Thailand border issue heats up, again

Thailand border issue heats upEver since seven Thais were arrested in Cambodia in December for illegal entry and trespassing in the ongoing border dispute, tensions have been heating up.

Today, 2,000 nationalist Thai “Yellow Shirts” rallied in the streets of Bangkok to protest the government’s handling of it all.

“We have made our suggestions to the government but they have failed to act, so we have no other choice,” said one Yellow Shirt protester.

In the last two days security forces, some 3000-strong at times, have dealt with potential bomb attacks, a large rally by the rival “Red Shirts”, and a Yellow gathering near Government House where they accused Thailand Prime Minister Abhisit Vejjajiva of failing to defend long disputed territory from Cambodia.

This is just the latest in the ongoing tensions between the once-friendly Yellows led by the Peoples Alliance for Democracy (PAD) who’s 2008 rallies and protests helped make way for Abhisit to come to power. Since then, those same demonstrations that also closed two airports in Bangkok, stranding thousands of travelers caused Abhisit to distance himself from the Yellows.
In today’s rally, Yellow’s had three demands. They want the government to revoke a memorandum of understanding about the Thai/Cambodia border from 2000, withdrawal of Thailand from the UNESCO World Heritage Committee and to expel Cambodians from the disputed area.

Prime Minister Abhisit has made the government’s position perfectly clear stating that the government would not agree to their demands.

So the Thailand/Cambodia border issues continues with the tension, rallies, demonstrations and violence escalating as it has for years along the long, common border between Thailand and Cambodia.

See more about Thailand in GadlingTV’s Travel Talk – Thailand Part 1: The First 48 Hours

Flickr photo by Dennis Wong

Budget Travel: Renting a vacation apartment

Pssst. I’ve got a secret. Did you know you can stay in some the world’s most beautiful and unique accommodations, located in the best neighborhoods and do it all for rock-bottom prices? Surprisingly enough, it’s not some hidden boutique hotel chain or Priceline deal. I’m talking about vacation apartment rentals.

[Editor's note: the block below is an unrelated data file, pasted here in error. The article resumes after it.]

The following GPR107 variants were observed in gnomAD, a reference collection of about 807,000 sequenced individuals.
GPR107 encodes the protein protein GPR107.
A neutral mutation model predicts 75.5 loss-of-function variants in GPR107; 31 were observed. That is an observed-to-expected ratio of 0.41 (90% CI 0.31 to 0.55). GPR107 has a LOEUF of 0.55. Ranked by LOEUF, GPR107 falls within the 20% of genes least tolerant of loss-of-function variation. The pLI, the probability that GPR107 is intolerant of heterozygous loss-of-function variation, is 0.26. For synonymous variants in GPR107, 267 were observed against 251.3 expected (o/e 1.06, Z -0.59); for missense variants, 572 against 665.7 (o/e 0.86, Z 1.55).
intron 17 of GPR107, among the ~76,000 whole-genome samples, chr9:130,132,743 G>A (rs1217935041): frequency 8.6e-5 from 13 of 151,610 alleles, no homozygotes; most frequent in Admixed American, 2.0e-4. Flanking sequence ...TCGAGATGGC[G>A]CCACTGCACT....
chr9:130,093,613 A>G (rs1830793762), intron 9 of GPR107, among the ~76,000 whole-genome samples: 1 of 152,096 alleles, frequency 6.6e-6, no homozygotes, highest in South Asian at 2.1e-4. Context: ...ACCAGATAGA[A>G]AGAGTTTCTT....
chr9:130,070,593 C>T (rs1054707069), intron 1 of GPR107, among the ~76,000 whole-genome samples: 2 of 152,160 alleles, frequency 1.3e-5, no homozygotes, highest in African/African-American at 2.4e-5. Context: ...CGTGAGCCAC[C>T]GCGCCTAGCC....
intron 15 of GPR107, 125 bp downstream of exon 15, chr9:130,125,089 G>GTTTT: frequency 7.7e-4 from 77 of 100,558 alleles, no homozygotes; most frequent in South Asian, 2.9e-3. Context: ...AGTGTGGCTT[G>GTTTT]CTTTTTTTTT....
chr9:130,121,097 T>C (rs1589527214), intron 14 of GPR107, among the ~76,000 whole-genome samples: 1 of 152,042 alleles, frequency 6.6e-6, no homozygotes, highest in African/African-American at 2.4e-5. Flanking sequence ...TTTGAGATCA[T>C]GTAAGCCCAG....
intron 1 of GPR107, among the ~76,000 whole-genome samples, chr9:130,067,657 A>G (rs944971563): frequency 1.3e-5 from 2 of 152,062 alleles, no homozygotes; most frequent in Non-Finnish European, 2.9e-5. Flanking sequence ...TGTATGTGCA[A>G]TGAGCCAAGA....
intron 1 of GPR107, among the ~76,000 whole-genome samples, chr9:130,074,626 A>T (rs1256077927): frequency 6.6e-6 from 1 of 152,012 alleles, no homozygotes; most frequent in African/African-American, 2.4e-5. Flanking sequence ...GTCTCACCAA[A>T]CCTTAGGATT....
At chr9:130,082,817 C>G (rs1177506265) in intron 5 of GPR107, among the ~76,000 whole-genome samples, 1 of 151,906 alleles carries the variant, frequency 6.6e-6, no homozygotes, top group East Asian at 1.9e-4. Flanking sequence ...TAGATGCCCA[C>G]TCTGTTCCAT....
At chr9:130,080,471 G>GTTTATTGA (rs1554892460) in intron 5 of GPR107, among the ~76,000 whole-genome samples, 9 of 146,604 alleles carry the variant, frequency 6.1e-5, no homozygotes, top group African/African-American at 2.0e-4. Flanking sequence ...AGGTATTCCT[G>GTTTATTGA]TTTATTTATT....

The beauty (and the hassle) of renting an apartment when traveling is you get to do it yourself. Sure, you have to scour the web for a place you like, make the arrangements with the owner and then clean up after yourself when you leave. But for the independent, budget-minded traveler, there’s no better way to go. Not only does your money go further on nicer accommodations, you often get a great sense of what it “feels” like to be a local. That’s not to mention the perks of staying places with beautiful balconies, giant floor-through lofts with 20 foot ceilings and bottles of free champagne waiting for you when you arrive (I’ve experienced all three).

And in 2009, renting your own apartment has never been easier. Sites like Homeaway, VRBO and Craigslist put a worldwide database of vacation rentals right at your fingertips. But how do you go about your search to find a good place? And how do you make sure the owner you’re dealing with won’t just take the money and run?

We’ll take a look in Gadling’s Budget Travel guide to vacation apartments…
Where to Look
As we mentioned before, the three best sources for finding a vacation rental are Homeaway, VRBO and Craigslist. All have their respective advantages and drawbacks. Interestingly enough, VRBO was purchased by Homeaway in 2006, so the two are basically an extension of the same site, though slightly different. So which is best for arranging your trip? Let’s take a detailed look at each site.

VRBO
Vacation Rentals by Owner, or VRBO for short, was among the first sites on the ‘net to offer property owners a resource to promote and advertise their rental properties worldwide.